Google+ as Blogging Platform for Writers From “The Outlaw King” Author S.A. Hunt

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Author S.A. Hunt shares with us a few thoughts on Using Google+ as a blogging platform. Moderator of bothLibrary of Shadows On Reddit and Dark Fantasy Writers Workshop on G+, he seems to be ahead of the curve in finding new and unique ways to share his work, and I was interested in his thoughts on using G+ as an alternative to traditional blogging.


I don’t know why I keep doing it. Like my mother always warned me, it’s making me go blind.

Maybe I’m trying to give something back to the writing community, but every time I set myself up in another moderation role, I have to wonder: have I bitten off more than I can chew? What am I thinking? I should be writing, not trying to quote-unquote “run shit”. I have one novel out and another on the way. I don’t even know what I’m talking about anyway. But that’s just the Doubt Demon talking, isn’t it?

I keep telling people I don’t have time for this, don’t have time for that. That’s malarkey. I have plenty of time, it’s just the things they want me to do don’t involve writing, and to answer the Basement Jaxx, that’s where my head’s at.

Communities, subreddits, intermittently barking semi-authoritative writing-related madness at my friends like some kind of retired drill sergeant sitting on the front porch. I don’t have time to come to your birthday party! I don’t have time to help you move house! I’m got things to do. And they involve killing imaginary people.

By the way, this blog post is going to get pretty crazy, so if you have a weak stomach, consider this your official warning.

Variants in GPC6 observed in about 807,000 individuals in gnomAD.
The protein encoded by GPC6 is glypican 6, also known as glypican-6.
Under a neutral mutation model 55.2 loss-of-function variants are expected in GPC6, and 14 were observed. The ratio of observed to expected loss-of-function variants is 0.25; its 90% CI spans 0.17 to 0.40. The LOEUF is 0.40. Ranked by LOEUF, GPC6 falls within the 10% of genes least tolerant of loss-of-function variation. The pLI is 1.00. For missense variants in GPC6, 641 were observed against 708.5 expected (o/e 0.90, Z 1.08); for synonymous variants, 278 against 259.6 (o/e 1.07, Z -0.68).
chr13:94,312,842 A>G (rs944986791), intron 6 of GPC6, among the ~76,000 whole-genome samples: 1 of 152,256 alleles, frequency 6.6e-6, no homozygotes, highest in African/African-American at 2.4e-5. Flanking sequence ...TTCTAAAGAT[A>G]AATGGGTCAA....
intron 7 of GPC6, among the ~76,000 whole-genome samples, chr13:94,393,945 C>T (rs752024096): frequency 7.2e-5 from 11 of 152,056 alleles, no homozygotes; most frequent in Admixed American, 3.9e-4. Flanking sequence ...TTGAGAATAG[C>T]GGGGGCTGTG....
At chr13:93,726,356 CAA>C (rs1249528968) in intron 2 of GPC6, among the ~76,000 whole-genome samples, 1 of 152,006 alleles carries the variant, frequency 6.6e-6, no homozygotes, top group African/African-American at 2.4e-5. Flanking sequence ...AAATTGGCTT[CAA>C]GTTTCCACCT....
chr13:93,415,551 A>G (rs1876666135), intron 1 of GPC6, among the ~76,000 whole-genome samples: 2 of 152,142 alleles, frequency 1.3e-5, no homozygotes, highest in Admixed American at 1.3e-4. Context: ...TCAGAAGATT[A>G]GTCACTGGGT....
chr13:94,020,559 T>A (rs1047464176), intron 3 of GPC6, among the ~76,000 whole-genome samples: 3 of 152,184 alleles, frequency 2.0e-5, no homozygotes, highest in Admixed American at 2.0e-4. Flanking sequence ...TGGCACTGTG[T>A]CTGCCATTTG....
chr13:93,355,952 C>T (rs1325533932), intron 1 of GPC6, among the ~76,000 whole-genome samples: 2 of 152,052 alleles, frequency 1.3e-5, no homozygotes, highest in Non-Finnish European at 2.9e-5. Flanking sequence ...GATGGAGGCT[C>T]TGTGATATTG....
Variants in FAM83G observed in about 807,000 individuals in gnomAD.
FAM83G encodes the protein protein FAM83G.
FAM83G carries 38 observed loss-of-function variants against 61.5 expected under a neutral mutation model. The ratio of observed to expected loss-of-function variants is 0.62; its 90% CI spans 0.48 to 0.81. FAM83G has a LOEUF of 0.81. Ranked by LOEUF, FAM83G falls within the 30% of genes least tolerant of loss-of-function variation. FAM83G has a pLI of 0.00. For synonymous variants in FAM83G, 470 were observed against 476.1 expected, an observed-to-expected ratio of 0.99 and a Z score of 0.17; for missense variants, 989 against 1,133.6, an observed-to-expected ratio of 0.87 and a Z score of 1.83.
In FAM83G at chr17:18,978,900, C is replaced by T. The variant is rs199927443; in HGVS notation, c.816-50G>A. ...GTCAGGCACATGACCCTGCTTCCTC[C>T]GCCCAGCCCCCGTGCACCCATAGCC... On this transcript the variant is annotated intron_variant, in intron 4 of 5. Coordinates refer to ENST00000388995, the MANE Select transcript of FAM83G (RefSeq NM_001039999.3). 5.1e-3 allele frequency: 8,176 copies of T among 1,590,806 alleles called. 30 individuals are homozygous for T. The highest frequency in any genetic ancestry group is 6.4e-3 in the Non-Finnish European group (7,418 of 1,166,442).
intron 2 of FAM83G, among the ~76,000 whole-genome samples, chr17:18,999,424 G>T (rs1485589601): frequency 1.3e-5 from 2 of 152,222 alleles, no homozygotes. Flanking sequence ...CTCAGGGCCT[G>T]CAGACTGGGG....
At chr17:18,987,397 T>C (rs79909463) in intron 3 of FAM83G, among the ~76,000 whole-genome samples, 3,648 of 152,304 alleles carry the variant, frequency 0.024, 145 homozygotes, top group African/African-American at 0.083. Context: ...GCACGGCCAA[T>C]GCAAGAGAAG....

Library Of Shadows

The real answer is not because of my overwhelming need to push people around, I do that plenty on the swings down at the park, thank you, and no, I don’t have somewhere else to be, Officer Fussypants. It’s because I like to be up to my eyeballs in the craftmanship of writing.

Between moderating at the Dark-Fantasy Writers Workshop community on Google+, the 3,000+ subscriber Library of Shadows suspense magazine at Reddit, and interacting with thousands of writers on the bustling Google+ (like the indomitable Ksenia Anske and rock-god John Ward), I get to basically swim in words all day. You’re pushing people on the swings to help them get higher. It’s a honing mechanism. You hone each other. You jump in and come out sharper.

The Library of Shadows was initially created a couple of years ago — before Google+ really took off — as a way to siphon off the obviously fictional NoSleep stories that were getting everybody’s hackles up. Third-person anecdotes, end-of-the-world epics, nail-biters in which the protagonist dies: these tales were coming from very talented people, but they didn’t quite fit in at a forum where everything is true, even if it isn’t and killing off the hero stirs outrage like “if the guy is dead, how did he post this?” and “if the world was taken over by zombies, why don’t I see them when I look outside?”